What is an Apple AirTag? A simple tracker with cutting edge technology
Outside, Apple’s new AirTag It seems like a boring product that we have all seen before. It is a disk shaped activity tracker that can be attached to objects such as keys to help you find them.
However, the inside of the story is much more interesting.
The AirTag, which Apple introduced last week, is one of the first consumer electronics products to use a new wireless technology, ultra wideband (BUA or its acronym in English, UWB), which can detect the precise proximity between objects. Using the ultra-wide band, your iPhone can detect whether an AirTag is a centimeter or tens of meters away. It’s so accurate that your app even displays an arrow indicating the direction of the AirTag.
It’s much better than other trackers that use Bluetooth, an older wireless technology that can’t roughly estimate the distance to an object. (We’ll explain how it all works later.)
Using ultra-wideband to find objects is just a first example of what technology can accomplish. Because of its exact ability to quickly transfer data between devices, ultra-broadband could become the next wireless standard to succeed Bluetooth. This could allow the use of better wireless devices such as headphones, keyboards, video game controllers, etc.
“This is just the tip of the iceberg,” said Frédéric Nabki, CTO for Spark Microsystems, a Montreal firm that is developing ultra-broadband technology, making reference to trackers like AirTag. “Send data very quickly.”
For almost a week, I tested Apple’s AirTag, which costs $ 29. I used the tracker to find keys, locate my dogs, and find out where a backpack was. I also did similar tests with Tile, a $ 25 tracker that uses Bluetooth technology and has been on the market for almost eight years.
Last week, Tile complained in an antitrust hearing that Apple had copied its product when small businesses were at a disadvantage. Based on my tests comparing the AirTag and Tile, Ultra Wideband was undeniably superior to Bluetooth in finding items. Plus, AirTag has proven that ultra broadband is the next generation technology worth getting excited about.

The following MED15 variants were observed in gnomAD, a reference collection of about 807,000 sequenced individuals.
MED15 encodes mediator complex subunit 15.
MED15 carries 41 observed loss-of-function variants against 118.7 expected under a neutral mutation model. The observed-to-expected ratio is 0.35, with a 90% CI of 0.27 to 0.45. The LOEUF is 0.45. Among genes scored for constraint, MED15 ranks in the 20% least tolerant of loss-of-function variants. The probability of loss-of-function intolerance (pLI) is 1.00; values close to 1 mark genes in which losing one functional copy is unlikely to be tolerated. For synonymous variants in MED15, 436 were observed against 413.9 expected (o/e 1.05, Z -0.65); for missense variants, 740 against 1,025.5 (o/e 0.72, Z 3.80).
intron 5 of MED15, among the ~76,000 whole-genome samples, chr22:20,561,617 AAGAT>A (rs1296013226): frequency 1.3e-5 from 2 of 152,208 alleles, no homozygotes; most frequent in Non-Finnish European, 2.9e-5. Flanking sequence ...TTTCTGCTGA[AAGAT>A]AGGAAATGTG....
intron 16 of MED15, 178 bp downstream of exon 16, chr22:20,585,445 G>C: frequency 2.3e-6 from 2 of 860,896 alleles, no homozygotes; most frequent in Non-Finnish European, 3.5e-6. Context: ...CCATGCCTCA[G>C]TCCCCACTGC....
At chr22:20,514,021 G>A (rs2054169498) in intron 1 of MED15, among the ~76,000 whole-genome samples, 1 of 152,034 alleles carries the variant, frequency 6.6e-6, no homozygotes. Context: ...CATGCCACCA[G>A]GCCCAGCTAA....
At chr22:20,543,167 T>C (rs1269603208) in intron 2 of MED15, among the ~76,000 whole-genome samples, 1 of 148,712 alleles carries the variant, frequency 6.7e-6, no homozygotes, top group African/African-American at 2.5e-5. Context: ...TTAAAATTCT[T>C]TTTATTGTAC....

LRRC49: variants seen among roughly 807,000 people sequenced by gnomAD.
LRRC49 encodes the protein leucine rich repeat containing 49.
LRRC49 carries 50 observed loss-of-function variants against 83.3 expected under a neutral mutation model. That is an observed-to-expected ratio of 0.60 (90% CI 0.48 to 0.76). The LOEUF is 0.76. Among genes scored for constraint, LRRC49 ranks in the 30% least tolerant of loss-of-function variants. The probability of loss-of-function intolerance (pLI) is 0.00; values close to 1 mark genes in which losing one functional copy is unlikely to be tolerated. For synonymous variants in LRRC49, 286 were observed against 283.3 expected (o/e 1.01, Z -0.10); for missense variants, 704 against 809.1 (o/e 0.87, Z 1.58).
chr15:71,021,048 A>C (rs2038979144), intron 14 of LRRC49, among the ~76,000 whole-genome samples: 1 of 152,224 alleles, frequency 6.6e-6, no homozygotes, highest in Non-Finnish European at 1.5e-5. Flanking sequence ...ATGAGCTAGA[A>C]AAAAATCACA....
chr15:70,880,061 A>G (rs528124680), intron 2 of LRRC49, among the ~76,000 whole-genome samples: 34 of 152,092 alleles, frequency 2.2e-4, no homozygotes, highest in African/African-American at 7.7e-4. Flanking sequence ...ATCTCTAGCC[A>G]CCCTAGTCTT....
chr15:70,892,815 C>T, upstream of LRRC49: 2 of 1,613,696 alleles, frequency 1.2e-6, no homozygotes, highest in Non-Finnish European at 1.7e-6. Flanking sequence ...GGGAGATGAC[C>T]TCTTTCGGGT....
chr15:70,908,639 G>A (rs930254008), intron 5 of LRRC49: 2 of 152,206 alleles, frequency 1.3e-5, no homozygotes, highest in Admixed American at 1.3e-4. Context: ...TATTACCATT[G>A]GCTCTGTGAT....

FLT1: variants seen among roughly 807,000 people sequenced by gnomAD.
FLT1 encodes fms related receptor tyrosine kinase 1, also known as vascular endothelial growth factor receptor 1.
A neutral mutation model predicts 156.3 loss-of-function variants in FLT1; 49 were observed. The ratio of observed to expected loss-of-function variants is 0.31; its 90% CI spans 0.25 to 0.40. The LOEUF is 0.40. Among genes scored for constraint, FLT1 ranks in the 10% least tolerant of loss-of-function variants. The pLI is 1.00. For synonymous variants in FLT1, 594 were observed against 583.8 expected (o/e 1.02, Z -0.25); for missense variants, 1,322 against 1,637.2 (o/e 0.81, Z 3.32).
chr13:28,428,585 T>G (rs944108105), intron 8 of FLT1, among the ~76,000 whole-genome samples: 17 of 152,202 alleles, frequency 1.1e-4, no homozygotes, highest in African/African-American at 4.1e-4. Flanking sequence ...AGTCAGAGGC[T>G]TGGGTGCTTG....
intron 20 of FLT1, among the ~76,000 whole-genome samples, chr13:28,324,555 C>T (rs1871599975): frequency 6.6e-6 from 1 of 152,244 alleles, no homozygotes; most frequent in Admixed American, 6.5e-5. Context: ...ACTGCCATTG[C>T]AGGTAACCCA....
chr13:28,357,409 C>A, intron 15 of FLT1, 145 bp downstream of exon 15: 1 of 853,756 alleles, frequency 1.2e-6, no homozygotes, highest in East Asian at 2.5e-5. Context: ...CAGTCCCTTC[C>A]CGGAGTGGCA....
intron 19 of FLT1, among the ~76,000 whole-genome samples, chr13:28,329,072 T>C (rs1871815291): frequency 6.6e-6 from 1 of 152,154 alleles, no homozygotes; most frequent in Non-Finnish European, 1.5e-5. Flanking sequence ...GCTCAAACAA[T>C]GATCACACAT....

This is what you need to know.
How do ultra broadband and Bluetooth work?
The ultra-wide band carries over 15 years in development, but it was integrated into chips in iPhones and other cellphones only two years ago.
When you use the ultra-wideband to find a tracker, it works the same as sonar, which detects objects underwater. The user “ping” the tracker and the tracker “ping” the phone back. The time required for the return of the “ping” is used to calculate the distance between the two objects.
However, when you use Bluetooth technology to find a tracker, your phone sends out a continuous signal searching for it. The further you move away from the tracker, the weaker the signal will be and the closer you get to it, the stronger it will be. This technique is used to tell you approximately how far away you are from the tracker.
Tile vs. AirTag
So what do the two underlying wireless technologies mean in practice?
Tile works with iPhones and Android phones that use Bluetooth technology to find items. Open the Tile application, select an object and click the “Find” button. The app searches for the Tile and sends a signal to connect, after which it plays a song on the tracker. If the signal connection is weak, it will tell you to move until the signal is stronger.
If your phone cannot find a tile because it is out of range, you can put it in “lost mode”. The tracker will search for other Tile owners who have granted access to the Tile app for their location in order to find other people’s lost items. If a Samaritan who owns a tile is near your tile, that person’s device will share its location with the tile array, which will show where the object was last seen on a map.
Apple’s AirTag works with both new and old iPhones. Newer devices (iPhone 11 and 12) can take advantage of the precise location capabilities of ultra broadband. To find an object, open the Find app, select an object, and choose Find. From there, the app will establish a connection with the AirTag. The app combines the data collected with the phone’s camera, sensors, and ultra-wideband chip to direct you to the location of the tag, using an arrow to point it. Older iPhones can track AirTags with Bluetooth, using a method similar to Tile.